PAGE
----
Next, we were briefed by Susanne Nielsen, a specialist on the migration crisis. We learned about the multiple different challenges facing the three main routes of migration into Europe; Sub-Saharan Africa to Spain, Libya and Northern Africa to Italy, and The Middle East to Greece through Turkey. We discussed the EU’s plans to invest in northern Africa and the Middle East, as well as work with migration officials in Turkey in order to fix the crisis to decrease the flow of migration into Europe.  EU coordination on development aide in these regions is critical at this stage in the crisis. We also learned about Frontex’s coordination with the Italian, Spainish, and Greek naval forces on a few very important maritime missions. They are working to rescue the migrants fleeing to Europe on insufficient makeshift rafts, which often capsize in the Mediterranean Sea, leading to numerous drownings. The work these organizations are doing is saving a ton of lives.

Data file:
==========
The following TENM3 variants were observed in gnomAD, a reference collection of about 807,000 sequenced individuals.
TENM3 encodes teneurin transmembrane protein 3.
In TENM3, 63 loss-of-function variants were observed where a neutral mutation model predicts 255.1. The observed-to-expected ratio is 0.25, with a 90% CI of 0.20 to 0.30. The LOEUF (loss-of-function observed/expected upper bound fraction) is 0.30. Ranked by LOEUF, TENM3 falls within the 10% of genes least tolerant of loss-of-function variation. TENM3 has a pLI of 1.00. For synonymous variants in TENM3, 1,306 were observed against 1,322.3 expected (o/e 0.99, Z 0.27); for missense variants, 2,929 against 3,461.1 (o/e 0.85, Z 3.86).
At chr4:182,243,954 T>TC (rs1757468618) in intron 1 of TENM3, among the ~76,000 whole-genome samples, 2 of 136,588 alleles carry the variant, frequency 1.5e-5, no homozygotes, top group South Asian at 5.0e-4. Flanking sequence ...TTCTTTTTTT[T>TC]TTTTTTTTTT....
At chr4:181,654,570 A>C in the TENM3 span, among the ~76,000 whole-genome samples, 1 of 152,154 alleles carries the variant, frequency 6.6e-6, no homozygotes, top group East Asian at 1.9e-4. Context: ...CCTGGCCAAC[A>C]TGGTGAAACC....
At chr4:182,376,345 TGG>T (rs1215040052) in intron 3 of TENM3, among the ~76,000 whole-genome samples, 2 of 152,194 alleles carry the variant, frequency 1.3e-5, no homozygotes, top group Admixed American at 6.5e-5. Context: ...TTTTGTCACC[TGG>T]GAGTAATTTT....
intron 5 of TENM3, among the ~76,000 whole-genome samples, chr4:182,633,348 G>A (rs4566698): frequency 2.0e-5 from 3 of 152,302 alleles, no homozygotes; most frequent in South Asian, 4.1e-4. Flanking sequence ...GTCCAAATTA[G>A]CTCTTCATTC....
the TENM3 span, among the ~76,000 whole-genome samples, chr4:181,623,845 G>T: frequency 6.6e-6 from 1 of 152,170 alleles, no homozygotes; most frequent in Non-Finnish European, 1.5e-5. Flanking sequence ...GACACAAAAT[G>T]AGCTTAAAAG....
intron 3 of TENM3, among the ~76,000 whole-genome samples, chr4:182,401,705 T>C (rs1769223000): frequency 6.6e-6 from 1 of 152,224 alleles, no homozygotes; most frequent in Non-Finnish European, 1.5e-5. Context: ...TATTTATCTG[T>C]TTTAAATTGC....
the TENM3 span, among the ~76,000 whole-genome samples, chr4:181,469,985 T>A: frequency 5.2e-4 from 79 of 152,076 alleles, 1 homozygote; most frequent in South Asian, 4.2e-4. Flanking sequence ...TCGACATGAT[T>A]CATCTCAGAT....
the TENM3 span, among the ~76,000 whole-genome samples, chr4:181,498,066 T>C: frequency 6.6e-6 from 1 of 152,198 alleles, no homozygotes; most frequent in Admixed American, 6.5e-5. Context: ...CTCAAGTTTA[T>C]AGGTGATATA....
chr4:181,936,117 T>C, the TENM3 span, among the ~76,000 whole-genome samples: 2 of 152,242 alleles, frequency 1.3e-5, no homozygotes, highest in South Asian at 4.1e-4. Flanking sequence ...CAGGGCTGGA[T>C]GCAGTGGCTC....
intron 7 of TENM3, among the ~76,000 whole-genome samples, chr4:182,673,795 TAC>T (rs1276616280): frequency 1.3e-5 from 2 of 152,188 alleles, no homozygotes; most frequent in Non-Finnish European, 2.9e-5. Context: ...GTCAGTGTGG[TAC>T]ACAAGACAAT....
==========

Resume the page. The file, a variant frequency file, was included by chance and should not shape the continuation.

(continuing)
After our visit to the Council building, we were off to to Euroflat Hotel for a briefing on “The Dynamics Between Europe and China” from Theresa Fallon, Director at the Center for Russia Europe and Asia Studies (CREAS). We learned about China’s increasing foreign direct investment into Eastern Europe, as well as their one billion dollar infrastructure investment through the One Belt One Road initiative, designed to increase international trade to China. We also discussed Europe’s fears of a “G2” world order with the US and China as the world’s two competing superpowers due to China’s rapid rise to power. Some key areas of concern are the unbalanced trade and investment relationship between China and it’s trade partners (specifically the US and the EU), as well as China’s inadequate workers rights, lack of environmental regulation, and heavy censorship. We all thoroughly enjoyed Ms. Fallon’s talk about China’s relationship with the EU.